The Bentley full-size drop-top is about to return as a limited-production model with a ludicrous price tag

Launched in 2010, the current Bentley Mulsanne replaced the dated Arnage in the company’s lineup and revived a nameplate the brand previously used between 1980 and 1992. At 5,575 mm (219.5 inches) in length, the Mulsanne is currently Bentley’s largest sedan, sitting above the Flying Spur. The most interesting fact about the Mulsanne is that it received a styling language of its own, being the only Bentley that’s not based on the Continental. Updated in 2013, the full-size sedan spawned several special edition models, as well as a performance-oriented Speed model.

Scheduled to remain on sale for at least three more years, the Mulsanne could soon receive a two-door convertible version. Such a model has been in the rumor mill since 2012 and gained more traction in 2014 when the Brits showcased the Grand Convertible concept. The much-anticipated production model was canceled in 2015 when Wolfgang Durheimer was replaced by Wolfgang Schreiber as Bentley CEO, but now that the former has return to the helm of the brand, the Mulsanne cabriolet is back on the drawing board.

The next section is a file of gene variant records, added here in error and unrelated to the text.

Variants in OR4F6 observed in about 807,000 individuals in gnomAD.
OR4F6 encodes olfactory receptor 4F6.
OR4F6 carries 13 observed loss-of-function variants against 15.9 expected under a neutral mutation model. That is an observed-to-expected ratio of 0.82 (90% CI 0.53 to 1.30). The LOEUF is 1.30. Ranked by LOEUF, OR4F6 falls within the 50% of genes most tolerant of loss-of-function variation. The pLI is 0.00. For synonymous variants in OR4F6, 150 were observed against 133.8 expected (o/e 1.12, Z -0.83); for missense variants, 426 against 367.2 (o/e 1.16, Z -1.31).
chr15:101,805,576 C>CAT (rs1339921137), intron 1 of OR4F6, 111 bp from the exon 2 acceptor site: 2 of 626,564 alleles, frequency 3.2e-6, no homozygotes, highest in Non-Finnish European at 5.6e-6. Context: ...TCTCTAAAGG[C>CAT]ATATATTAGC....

Bentley has yet to make an official statement about it, but Durheimer recently told CarAndDriver that the Grand Convertible concept could be turned into a production car in Mulliner’s workshop. The luxury drop-top would be built in a limited batch and sold with a huge sticker compared to the sedan. Should that happen, Bentley will offer its first full-size convertible since the 2009, when the Arnage-based Azure was discontinued.

There’s no specific timetable for the Mulsanne convertible, but this gives us just enough time to take guesses upon what it may bring to the table. We also created a rendering to go with our speculative review below. Check it out and stay tuned for updates.

Continue reading to learn more about the Bentley Mulsanne Convertible.


2015 Bentley Grand Convertible Concept High Resolution Exterior
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Note: Bentley Grand Convertible Concept pictured here.